Sports Editing: Football Great Dan Pastorini

sports editing

I’ve covered golf, baseball, lacrosse, tennis and more in my sports editing assignments.

But my favorite is football — especially writing about the glory days of the Houston Oilers in the Astrodome.

Sports Editing: Football

As a contributing editor for the suite of Houston-based Lifestyles & Homes magazines, I had a great time interviewing one of the original Oilers — Dan Pastorini.

My family had just moved to Houston from Colorado in the ’70s, and hat a treat to attend the games. We’d load up and head to the Astrodome, and I’ll never forget the spirit of “Love Ya Blue.”

The anthem song, written by Lee Ofman, it made quite the impression on my preteen brain:

Look out football, here we come,
Houston Oilers, number one.

Who would’ve known that I’d grow up and into sports editing, and have the opportunity to learn much more about the Oiler’s star quarterback. Dan later became a NHRA Top Fuel dragster and the author of Taking Flak: My Life in the Fast Lane with a Foreword by legendary Coach Bum Phillips. Today he’s an entrepreneur and owner of Dan Pastorini’s Quality Foods.

But ask him about his greatest achievment, and he’ll tell you it’s being a father. So, what else does Dan have to say about his lifetime adventures? The full article is featured below.

A Chat with Dan Pastorini

By Melanie Saxton

Back in the “Love Ya Blue” days, Oiler fans flooded the Astrodome with pep-rallies, pom-poms and fight songs. “The 70s were magical years to fans and the players,” says former Houston Oiler quarterback Dan Pastorini. “Earl Campbell, Kenny Stabler, Mike Barber and Coach Bum Phillips were household words and touched the spirit of football fans in a way we haven’t seen before or since.” Looking back, Pastorini’s most nostalgic memories are of being a father. “It was a struggle balancing a demanding career while being a dad. I missed out on so much of my daughter, Brahna’s, childhood and wish I could have it to do over again.”

Pastorini has called the Houston area home since then — he’s bonded to the people and the culture. “I’ve left for California and Colorado but always came back.” After football, Pastorini pursued his passion for speed in top fuel dragsters, racing and finishing in the top 10 in ’86 and ’87. “I branched out into road racing in the early 90’s and again ’03 and ’04. Let me tell you, competitive sponsorships are difficult to come by!”

Pastorini has followed his heart into his family’s line of work. “Especially around Mother’s and Father’s Day I think of my mom, Dorothy, and dad, Dante, and regret not bringing them to Houston in the 70’s. For 37 years, they owned and operated Pastorini’s Longhorn in Sonora,  Calif., and were the ultimate restaurateurs. Houstonians would have embraced them.” In their honor, Pastorini dusted off some favorite family recipes and, with a business partner out of California, created his Texas Style Rub. “My parents would be proud. They inspired a spice rub with no MSG that can be used on all meats, but also salads, chili, popcorn, gumbo and bread crumbs. It’s made in Texas, so we market tested it at the 2011 Houston Livestock & Rodeo Cook-off. Approximately 3,000-4,000 people tried it on chicken, ribs, brisket, tri-tip, frog legs and corn on the cob, and everybody liked it. This is a true testament to my parents, and we’re putting it on shelves as we speak,” says Pastorini.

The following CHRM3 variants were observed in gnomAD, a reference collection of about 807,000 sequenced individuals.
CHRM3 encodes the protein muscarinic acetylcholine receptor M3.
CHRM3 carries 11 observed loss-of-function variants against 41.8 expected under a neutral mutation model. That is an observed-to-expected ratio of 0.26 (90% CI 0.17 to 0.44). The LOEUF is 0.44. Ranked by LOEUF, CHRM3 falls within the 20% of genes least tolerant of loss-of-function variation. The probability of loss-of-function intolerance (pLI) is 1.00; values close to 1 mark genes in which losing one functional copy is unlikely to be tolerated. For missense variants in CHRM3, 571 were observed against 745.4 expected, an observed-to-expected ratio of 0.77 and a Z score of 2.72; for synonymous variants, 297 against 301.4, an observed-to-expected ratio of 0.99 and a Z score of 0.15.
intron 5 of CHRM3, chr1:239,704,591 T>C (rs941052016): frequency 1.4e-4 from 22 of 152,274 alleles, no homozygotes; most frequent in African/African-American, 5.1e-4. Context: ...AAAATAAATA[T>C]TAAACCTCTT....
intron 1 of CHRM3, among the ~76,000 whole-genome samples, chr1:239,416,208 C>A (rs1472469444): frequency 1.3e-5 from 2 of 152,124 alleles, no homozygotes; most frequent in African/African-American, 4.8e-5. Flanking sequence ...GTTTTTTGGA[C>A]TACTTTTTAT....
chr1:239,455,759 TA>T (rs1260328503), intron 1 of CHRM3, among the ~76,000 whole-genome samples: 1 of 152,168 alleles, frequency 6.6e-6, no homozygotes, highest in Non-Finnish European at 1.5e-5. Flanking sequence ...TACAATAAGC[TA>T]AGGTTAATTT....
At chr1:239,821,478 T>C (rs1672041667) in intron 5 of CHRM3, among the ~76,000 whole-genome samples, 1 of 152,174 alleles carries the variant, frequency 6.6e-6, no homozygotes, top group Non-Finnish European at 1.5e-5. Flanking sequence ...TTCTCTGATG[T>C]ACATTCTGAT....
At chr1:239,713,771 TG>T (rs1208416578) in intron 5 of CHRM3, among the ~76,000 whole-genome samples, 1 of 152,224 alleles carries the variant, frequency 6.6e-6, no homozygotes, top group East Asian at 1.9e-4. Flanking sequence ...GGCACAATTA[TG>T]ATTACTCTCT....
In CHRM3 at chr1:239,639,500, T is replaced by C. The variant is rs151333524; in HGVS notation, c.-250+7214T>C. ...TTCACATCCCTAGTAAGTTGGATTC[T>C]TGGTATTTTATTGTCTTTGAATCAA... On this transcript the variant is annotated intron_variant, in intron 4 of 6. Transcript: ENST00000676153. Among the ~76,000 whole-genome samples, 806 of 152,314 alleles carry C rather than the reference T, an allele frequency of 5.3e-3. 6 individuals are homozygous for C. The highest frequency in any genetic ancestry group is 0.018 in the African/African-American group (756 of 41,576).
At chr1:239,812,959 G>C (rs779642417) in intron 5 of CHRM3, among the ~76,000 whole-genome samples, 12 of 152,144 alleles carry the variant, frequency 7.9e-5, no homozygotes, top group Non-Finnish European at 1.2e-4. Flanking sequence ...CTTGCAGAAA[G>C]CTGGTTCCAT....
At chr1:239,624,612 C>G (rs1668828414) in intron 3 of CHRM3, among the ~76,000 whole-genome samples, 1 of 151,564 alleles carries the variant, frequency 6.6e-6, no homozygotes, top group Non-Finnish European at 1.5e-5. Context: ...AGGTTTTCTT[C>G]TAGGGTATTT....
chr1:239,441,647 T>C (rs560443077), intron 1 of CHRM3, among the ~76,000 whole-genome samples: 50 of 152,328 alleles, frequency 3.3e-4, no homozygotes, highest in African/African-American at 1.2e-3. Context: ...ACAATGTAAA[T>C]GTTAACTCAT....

Not only does his business partner reside in California, but so does Brahna, now 35. “My career and divorce strained our relationship,” says Pastorini. “Like so many single dads, I wasn’’t the presence in her life that I wish I’d been. Thirteen years ago I was hell-bent on getting the two of us back on track. I can honestly say that the best two days of my life were when Brahna was born and when we reunited. She lives in Long Beach, teaching tennis — she’s truly gifted — and working for Prudential Realty.” Thanks to Brahna, he has an additional love: granddaughter, Allie. As a never-married single mom, Brahna adopted the 3-year-old. “Allie is now 6 and I see how clever she is, twisting her mother around her finger,” says Pastorini. “I jokingly call that ‘payback.’”

For the past three years, Pastorini has had a wonderful lady in his life with her own California connections. “Pam’s son is 31 and her daughter is 35, both in Los Angeles. Between the two of us, we are blessed to have such a great kids.” His family has come full circle. “At this point, I’ve taken a step away from the fast lane. What once seemed important fades when I compare it to the importance of family. My focus going forward is preserving my parent’s culinary legacy. I want to pass it on to my daughter and granddaughter and share it with the people of Texas.” For more information, visit

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